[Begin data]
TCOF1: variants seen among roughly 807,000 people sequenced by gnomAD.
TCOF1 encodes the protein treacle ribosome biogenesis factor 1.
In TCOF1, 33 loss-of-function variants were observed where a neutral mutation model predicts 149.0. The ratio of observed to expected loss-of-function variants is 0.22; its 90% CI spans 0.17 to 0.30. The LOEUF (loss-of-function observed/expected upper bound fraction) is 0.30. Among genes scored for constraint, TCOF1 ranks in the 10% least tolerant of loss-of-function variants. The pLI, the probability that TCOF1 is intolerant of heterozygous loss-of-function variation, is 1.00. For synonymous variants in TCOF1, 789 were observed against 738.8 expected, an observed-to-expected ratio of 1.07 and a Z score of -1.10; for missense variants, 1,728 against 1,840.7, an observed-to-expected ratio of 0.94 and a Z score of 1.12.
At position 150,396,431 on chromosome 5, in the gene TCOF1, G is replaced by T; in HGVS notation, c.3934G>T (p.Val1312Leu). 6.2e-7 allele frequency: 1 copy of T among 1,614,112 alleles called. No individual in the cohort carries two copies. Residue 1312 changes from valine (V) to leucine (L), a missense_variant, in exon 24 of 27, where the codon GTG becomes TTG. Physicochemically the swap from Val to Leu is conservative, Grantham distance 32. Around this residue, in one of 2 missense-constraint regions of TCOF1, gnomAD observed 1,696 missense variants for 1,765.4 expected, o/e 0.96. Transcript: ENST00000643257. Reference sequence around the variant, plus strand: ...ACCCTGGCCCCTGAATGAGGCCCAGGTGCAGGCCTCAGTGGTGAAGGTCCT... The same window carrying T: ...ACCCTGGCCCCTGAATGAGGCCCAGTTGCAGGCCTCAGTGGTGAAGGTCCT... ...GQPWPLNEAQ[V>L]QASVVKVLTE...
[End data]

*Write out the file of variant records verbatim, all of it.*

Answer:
TCOF1: variants seen among roughly 807,000 people sequenced by gnomAD.
TCOF1 encodes the protein treacle ribosome biogenesis factor 1.
In TCOF1, 33 loss-of-function variants were observed where a neutral mutation model predicts 149.0. The ratio of observed to expected loss-of-function variants is 0.22; its 90% CI spans 0.17 to 0.30. The LOEUF (loss-of-function observed/expected upper bound fraction) is 0.30. Among genes scored for constraint, TCOF1 ranks in the 10% least tolerant of loss-of-function variants. The pLI, the probability that TCOF1 is intolerant of heterozygous loss-of-function variation, is 1.00. For synonymous variants in TCOF1, 789 were observed against 738.8 expected, an observed-to-expected ratio of 1.07 and a Z score of -1.10; for missense variants, 1,728 against 1,840.7, an observed-to-expected ratio of 0.94 and a Z score of 1.12.
At position 150,396,431 on chromosome 5, in the gene TCOF1, G is replaced by T; in HGVS notation, c.3934G>T (p.Val1312Leu). 6.2e-7 allele frequency: 1 copy of T among 1,614,112 alleles called. No individual in the cohort carries two copies. Residue 1312 changes from valine (V) to leucine (L), a missense_variant, in exon 24 of 27, where the codon GTG becomes TTG. Physicochemically the swap from Val to Leu is conservative, Grantham distance 32. Around this residue, in one of 2 missense-constraint regions of TCOF1, gnomAD observed 1,696 missense variants for 1,765.4 expected, o/e 0.96. Transcript: ENST00000643257. Reference sequence around the variant, plus strand: ...ACCCTGGCCCCTGAATGAGGCCCAGGTGCAGGCCTCAGTGGTGAAGGTCCT... The same window carrying T: ...ACCCTGGCCCCTGAATGAGGCCCAGTTGCAGGCCTCAGTGGTGAAGGTCCT... ...GQPWPLNEAQ[V>L]QASVVKVLTE...